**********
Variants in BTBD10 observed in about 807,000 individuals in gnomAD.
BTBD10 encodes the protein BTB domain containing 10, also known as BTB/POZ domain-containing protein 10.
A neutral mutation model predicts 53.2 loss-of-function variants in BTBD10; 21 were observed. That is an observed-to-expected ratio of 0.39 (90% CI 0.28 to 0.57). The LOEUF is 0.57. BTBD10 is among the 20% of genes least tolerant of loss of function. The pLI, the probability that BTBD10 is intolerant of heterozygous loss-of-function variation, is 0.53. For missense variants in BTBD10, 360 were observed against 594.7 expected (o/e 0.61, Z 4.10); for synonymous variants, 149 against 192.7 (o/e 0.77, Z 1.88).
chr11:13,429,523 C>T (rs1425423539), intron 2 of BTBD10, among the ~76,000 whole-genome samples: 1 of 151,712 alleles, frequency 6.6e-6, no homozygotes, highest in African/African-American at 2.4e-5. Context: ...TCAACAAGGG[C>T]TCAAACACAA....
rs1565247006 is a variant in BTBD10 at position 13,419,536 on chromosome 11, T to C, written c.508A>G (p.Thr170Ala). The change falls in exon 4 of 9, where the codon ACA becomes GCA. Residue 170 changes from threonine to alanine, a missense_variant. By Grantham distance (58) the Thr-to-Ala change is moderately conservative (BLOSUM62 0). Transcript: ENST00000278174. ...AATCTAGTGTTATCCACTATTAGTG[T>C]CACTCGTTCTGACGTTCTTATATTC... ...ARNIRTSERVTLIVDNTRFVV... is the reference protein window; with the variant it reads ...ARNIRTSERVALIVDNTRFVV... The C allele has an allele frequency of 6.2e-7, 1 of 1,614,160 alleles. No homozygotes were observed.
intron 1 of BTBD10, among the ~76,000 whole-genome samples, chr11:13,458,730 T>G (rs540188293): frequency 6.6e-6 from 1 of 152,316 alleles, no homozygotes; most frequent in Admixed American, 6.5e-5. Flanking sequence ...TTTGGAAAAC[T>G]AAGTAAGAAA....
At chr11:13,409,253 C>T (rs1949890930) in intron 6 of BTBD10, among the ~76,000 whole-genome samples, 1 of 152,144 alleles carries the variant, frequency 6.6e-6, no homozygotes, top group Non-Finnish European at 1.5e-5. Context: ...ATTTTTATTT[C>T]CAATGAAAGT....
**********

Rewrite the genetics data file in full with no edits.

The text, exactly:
Variants in BTBD10 observed in about 807,000 individuals in gnomAD.
BTBD10 encodes the protein BTB domain containing 10, also known as BTB/POZ domain-containing protein 10.
A neutral mutation model predicts 53.2 loss-of-function variants in BTBD10; 21 were observed. That is an observed-to-expected ratio of 0.39 (90% CI 0.28 to 0.57). The LOEUF is 0.57. BTBD10 is among the 20% of genes least tolerant of loss of function. The pLI, the probability that BTBD10 is intolerant of heterozygous loss-of-function variation, is 0.53. For missense variants in BTBD10, 360 were observed against 594.7 expected (o/e 0.61, Z 4.10); for synonymous variants, 149 against 192.7 (o/e 0.77, Z 1.88).
chr11:13,429,523 C>T (rs1425423539), intron 2 of BTBD10, among the ~76,000 whole-genome samples: 1 of 151,712 alleles, frequency 6.6e-6, no homozygotes, highest in African/African-American at 2.4e-5. Context: ...TCAACAAGGG[C>T]TCAAACACAA....
rs1565247006 is a variant in BTBD10 at position 13,419,536 on chromosome 11, T to C, written c.508A>G (p.Thr170Ala). The change falls in exon 4 of 9, where the codon ACA becomes GCA. Residue 170 changes from threonine to alanine, a missense_variant. By Grantham distance (58) the Thr-to-Ala change is moderately conservative (BLOSUM62 0). Transcript: ENST00000278174. ...AATCTAGTGTTATCCACTATTAGTG[T>C]CACTCGTTCTGACGTTCTTATATTC... ...ARNIRTSERVTLIVDNTRFVV... is the reference protein window; with the variant it reads ...ARNIRTSERVALIVDNTRFVV... The C allele has an allele frequency of 6.2e-7, 1 of 1,614,160 alleles. No homozygotes were observed.
intron 1 of BTBD10, among the ~76,000 whole-genome samples, chr11:13,458,730 T>G (rs540188293): frequency 6.6e-6 from 1 of 152,316 alleles, no homozygotes; most frequent in Admixed American, 6.5e-5. Flanking sequence ...TTTGGAAAAC[T>G]AAGTAAGAAA....
At chr11:13,409,253 C>T (rs1949890930) in intron 6 of BTBD10, among the ~76,000 whole-genome samples, 1 of 152,144 alleles carries the variant, frequency 6.6e-6, no homozygotes, top group Non-Finnish European at 1.5e-5. Context: ...ATTTTTATTT[C>T]CAATGAAAGT....